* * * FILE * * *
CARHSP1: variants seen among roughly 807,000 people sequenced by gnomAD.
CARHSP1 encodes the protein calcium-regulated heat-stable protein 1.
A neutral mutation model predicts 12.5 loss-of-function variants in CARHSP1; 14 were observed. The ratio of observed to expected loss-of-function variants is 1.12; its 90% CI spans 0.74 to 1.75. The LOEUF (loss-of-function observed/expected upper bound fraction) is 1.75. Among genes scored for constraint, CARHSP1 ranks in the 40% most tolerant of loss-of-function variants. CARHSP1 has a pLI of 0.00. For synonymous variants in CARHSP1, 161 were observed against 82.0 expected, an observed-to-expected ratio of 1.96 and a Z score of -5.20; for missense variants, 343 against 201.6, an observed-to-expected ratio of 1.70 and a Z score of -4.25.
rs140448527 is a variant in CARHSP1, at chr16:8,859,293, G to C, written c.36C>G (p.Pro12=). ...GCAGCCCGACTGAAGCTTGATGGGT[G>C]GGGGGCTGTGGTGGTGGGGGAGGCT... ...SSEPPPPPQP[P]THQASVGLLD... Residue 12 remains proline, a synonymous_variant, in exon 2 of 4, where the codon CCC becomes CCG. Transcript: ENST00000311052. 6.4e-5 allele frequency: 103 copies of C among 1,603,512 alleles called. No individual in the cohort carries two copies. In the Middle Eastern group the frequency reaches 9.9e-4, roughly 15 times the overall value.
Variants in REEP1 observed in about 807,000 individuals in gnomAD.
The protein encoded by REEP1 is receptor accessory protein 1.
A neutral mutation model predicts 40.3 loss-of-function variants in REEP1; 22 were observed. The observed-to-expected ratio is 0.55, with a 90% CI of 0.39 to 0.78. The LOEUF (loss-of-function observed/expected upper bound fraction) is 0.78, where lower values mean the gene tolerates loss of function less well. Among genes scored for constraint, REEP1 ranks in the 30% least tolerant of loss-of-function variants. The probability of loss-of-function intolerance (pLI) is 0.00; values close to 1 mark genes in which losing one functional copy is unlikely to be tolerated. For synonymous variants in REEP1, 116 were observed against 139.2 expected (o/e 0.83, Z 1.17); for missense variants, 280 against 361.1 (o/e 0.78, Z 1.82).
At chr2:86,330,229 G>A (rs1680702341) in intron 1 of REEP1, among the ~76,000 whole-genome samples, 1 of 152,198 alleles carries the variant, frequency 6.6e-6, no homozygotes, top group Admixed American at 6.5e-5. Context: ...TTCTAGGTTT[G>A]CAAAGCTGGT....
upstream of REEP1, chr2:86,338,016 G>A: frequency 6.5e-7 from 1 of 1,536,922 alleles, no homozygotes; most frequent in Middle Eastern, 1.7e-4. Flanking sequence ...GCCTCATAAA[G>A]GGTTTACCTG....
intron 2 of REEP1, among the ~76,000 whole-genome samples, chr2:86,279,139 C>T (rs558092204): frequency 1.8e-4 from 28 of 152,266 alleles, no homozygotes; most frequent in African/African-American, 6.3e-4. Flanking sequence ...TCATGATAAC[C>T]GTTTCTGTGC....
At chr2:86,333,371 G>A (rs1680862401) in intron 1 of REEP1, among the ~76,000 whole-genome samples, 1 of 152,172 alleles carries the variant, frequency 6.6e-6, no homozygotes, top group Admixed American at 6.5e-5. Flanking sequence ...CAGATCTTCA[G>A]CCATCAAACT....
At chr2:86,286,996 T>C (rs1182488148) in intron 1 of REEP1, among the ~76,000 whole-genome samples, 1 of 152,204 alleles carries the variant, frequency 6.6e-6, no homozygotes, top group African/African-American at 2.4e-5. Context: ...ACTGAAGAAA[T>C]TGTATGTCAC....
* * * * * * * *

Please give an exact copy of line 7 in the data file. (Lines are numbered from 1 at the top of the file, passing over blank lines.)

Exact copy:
A neutral mutation model predicts 40.3 loss-of-function variants in REEP1; 22 were observed. The observed-to-expected ratio is 0.55, with a 90% CI of 0.39 to 0.78. The LOEUF (loss-of-function observed/expected upper bound fraction) is 0.78, where lower values mean the gene tolerates loss of function less well. Among genes scored for constraint, REEP1 ranks in the 30% least tolerant of loss-of-function variants. The probability of loss-of-function intolerance (pLI) is 0.00; values close to 1 mark genes in which losing one functional copy is unlikely to be tolerated. For synonymous variants in REEP1, 116 were observed against 139.2 expected (o/e 0.83, Z 1.17); for missense variants, 280 against 361.1 (o/e 0.78, Z 1.82).